Finally waking up and getting out of that broom closet once and for all!
“This above all; to your own self be true.” —William Shakespeare
It’s been a long road for me to say the word witch comfortably without wincing. Why? The connotation of the word witch has long suffered a curiously difficult journey. For me personally, I was well oriented with the negative connotations of that word. First, let me define the actual word and its origins. Merriam Webster gives us this standard explanation: a witch is someone who possesses supernatural powers, generally speaking, used for evil, and of course, female. However, to call someone bewitching has a more positive effect. Spell binding is another word with positive implications. Yet the word witch is associated with malevolence and fear. In researching Old English, simply put, a witch is someone who practices magic.
There are many indigenous cultures around the world where animism, shamanic practices, and rituals are commonplace. I’m familiar with this within my own background. In our modern day over the years, we have seen a rise in spirituality steeped in witchcraft. I myself took the first step at the age of eleven. Actually, let’s rewind. I knew I wanted to claim the title of the witch long before that–I felt it on a cellular level. I remember as a child that I could wander off somewhere and know exactly where I was going without ever feeling lost. I felt connected to those women who made concoctions, poultices, to those women who used mantras and fire rituals, and I knew I was one of them immediately.
I lived in India and America on and off for the first ten years of my life and was raised Hindu. There is certainly a lot of ritual within Hinduism. To me, it is a magical religion. But the term witch we grew up with was fraught with images of those who use their craft to harm others. The fear of the witch was real. Naturally, I didn’t use that term for myself. I just assumed that I was different, a freak of some kind. I didn’t feel like I belonged anywhere. When I moved to the US, the problem was further exacerbated by bullying. Ah, but then–I found a book at a local bookstore called Charms, Spells, and Formulas. It got my attention right away. The effect of that moment was instantaneous. It was as if it validated everything I was feeling. However, I still feared the word–and so I waited until I was a teenager to truly explore that side of myself.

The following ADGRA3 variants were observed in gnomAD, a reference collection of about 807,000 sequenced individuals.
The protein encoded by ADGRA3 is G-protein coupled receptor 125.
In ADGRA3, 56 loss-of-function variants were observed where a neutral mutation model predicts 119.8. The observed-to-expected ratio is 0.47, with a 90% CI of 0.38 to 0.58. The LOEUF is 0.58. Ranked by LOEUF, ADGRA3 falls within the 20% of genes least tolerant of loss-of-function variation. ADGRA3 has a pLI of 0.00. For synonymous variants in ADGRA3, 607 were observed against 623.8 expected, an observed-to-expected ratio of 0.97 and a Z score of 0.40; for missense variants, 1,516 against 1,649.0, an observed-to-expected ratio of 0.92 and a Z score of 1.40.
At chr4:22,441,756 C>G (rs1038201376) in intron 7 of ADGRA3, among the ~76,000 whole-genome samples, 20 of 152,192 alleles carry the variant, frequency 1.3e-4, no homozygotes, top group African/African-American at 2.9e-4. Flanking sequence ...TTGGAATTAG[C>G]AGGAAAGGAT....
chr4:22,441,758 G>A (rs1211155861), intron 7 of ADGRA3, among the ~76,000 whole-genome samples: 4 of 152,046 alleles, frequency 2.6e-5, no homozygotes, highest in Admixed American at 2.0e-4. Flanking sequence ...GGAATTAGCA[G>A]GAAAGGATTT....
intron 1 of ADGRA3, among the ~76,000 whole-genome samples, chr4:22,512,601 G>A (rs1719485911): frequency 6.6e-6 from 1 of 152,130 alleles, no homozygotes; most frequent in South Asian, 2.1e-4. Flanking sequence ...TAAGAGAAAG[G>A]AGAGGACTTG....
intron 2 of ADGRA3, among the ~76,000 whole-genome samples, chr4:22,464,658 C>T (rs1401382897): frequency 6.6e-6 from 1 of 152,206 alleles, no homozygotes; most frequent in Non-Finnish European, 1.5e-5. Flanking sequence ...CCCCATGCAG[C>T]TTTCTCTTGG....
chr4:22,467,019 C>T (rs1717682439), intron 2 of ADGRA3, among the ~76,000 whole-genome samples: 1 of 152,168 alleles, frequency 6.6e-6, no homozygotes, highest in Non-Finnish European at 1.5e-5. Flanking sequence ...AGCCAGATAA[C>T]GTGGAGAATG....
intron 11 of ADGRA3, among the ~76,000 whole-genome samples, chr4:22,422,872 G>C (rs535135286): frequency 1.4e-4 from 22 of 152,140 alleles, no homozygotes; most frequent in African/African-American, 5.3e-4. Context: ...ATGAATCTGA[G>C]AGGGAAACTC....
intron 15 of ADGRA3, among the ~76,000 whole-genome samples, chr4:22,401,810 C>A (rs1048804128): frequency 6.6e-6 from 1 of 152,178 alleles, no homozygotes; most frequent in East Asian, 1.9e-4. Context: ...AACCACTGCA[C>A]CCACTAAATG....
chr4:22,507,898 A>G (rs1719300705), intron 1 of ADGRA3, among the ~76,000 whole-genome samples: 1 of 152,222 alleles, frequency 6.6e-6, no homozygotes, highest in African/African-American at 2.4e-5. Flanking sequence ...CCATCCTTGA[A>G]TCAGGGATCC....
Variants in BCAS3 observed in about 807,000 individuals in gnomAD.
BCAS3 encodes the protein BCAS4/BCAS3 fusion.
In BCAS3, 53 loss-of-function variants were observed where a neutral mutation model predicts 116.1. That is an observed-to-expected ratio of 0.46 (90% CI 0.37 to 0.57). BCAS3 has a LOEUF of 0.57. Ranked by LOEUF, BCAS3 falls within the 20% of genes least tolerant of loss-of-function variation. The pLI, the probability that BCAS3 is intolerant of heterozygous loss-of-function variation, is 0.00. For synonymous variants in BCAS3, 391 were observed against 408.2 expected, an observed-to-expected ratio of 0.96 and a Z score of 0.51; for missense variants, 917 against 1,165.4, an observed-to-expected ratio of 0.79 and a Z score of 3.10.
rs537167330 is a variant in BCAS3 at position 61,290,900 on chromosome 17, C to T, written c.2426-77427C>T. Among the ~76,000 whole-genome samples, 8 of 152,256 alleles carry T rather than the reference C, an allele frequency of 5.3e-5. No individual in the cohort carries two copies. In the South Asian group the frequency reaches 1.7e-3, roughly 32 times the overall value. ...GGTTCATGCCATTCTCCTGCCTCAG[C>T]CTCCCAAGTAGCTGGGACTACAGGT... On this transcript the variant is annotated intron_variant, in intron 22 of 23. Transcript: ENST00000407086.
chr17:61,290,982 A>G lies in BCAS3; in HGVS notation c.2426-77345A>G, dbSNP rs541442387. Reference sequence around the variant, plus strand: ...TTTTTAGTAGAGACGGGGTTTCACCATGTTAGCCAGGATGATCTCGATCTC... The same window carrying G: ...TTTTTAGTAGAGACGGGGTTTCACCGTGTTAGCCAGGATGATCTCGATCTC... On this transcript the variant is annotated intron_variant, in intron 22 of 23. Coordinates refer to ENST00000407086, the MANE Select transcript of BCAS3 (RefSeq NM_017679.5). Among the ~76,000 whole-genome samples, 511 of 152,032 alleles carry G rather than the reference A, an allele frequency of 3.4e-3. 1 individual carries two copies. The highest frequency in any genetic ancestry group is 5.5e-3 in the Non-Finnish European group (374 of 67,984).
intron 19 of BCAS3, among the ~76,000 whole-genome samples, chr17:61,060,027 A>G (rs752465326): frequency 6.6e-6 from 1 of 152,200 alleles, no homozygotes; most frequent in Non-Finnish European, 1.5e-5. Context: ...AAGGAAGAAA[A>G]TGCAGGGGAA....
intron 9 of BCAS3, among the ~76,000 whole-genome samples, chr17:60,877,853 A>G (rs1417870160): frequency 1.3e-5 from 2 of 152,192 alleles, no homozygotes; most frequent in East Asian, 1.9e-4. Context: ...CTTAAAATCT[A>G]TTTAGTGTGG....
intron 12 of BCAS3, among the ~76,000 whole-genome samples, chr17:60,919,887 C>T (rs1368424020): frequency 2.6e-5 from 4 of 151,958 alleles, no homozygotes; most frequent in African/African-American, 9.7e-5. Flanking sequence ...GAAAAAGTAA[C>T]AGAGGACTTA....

I struggled with an identity crisis for a long time even after my initial awakening. I felt I was somehow betraying my culture because I was drawn to witchcraft. So I chose a culture outside but shunned my own in the process. The struggle only got worse when I encountered some trouble in a witch circle I was involved with; I really lost myself for a while and succumbed to the negativity around me. As a result, I began to fear the witch even more. I even shunned the witch part of me in favor of my own culture. But denying any part of myself meant I continued to keep one foot in the broom closet and the other one out. I know now that the fear lies in the potential stigmatization from friends and the community. However, as I learn more about my own religion, about the mystical sects within it, and from my own experiences in witchcraft, I have come to realize that practicing magick does not interfere with my ethnic or religious background. I slowly started to open up again like a lotus, bit by bit. I am finally free to put both feet out of the broom closet!
Stay tuned! My next post will be about my work in progress: a book and a plan for an apothecary. Thank you for joining me on my journey!